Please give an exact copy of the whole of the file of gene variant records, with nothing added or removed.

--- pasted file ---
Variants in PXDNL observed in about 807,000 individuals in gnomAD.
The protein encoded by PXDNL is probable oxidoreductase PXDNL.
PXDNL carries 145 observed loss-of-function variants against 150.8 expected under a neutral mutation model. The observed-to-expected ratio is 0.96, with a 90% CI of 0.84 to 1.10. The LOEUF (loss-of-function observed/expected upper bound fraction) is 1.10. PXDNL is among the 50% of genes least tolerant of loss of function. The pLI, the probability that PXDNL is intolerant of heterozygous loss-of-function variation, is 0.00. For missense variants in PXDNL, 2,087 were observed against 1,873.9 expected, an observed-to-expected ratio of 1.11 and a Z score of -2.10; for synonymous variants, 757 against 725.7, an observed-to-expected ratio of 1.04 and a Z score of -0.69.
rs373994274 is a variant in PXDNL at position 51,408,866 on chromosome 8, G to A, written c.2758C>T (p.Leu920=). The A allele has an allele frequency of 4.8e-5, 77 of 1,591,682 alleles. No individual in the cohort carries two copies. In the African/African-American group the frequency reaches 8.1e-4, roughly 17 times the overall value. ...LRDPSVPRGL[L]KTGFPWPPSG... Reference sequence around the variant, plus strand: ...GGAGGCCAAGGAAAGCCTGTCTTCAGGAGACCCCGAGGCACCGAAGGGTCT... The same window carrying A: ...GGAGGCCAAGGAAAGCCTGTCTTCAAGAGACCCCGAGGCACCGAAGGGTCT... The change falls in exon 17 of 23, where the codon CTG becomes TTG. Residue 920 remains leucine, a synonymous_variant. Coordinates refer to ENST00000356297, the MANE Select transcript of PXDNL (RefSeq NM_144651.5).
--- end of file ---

Variants in PXDNL observed in about 807,000 individuals in gnomAD.
The protein encoded by PXDNL is probable oxidoreductase PXDNL.
PXDNL carries 145 observed loss-of-function variants against 150.8 expected under a neutral mutation model. The observed-to-expected ratio is 0.96, with a 90% CI of 0.84 to 1.10. The LOEUF (loss-of-function observed/expected upper bound fraction) is 1.10. PXDNL is among the 50% of genes least tolerant of loss of function. The pLI, the probability that PXDNL is intolerant of heterozygous loss-of-function variation, is 0.00. For missense variants in PXDNL, 2,087 were observed against 1,873.9 expected, an observed-to-expected ratio of 1.11 and a Z score of -2.10; for synonymous variants, 757 against 725.7, an observed-to-expected ratio of 1.04 and a Z score of -0.69.
rs373994274 is a variant in PXDNL at position 51,408,866 on chromosome 8, G to A, written c.2758C>T (p.Leu920=). The A allele has an allele frequency of 4.8e-5, 77 of 1,591,682 alleles. No individual in the cohort carries two copies. In the African/African-American group the frequency reaches 8.1e-4, roughly 17 times the overall value. ...LRDPSVPRGL[L]KTGFPWPPSG... Reference sequence around the variant, plus strand: ...GGAGGCCAAGGAAAGCCTGTCTTCAGGAGACCCCGAGGCACCGAAGGGTCT... The same window carrying A: ...GGAGGCCAAGGAAAGCCTGTCTTCAAGAGACCCCGAGGCACCGAAGGGTCT... The change falls in exon 17 of 23, where the codon CTG becomes TTG. Residue 920 remains leucine, a synonymous_variant. Coordinates refer to ENST00000356297, the MANE Select transcript of PXDNL (RefSeq NM_144651.5).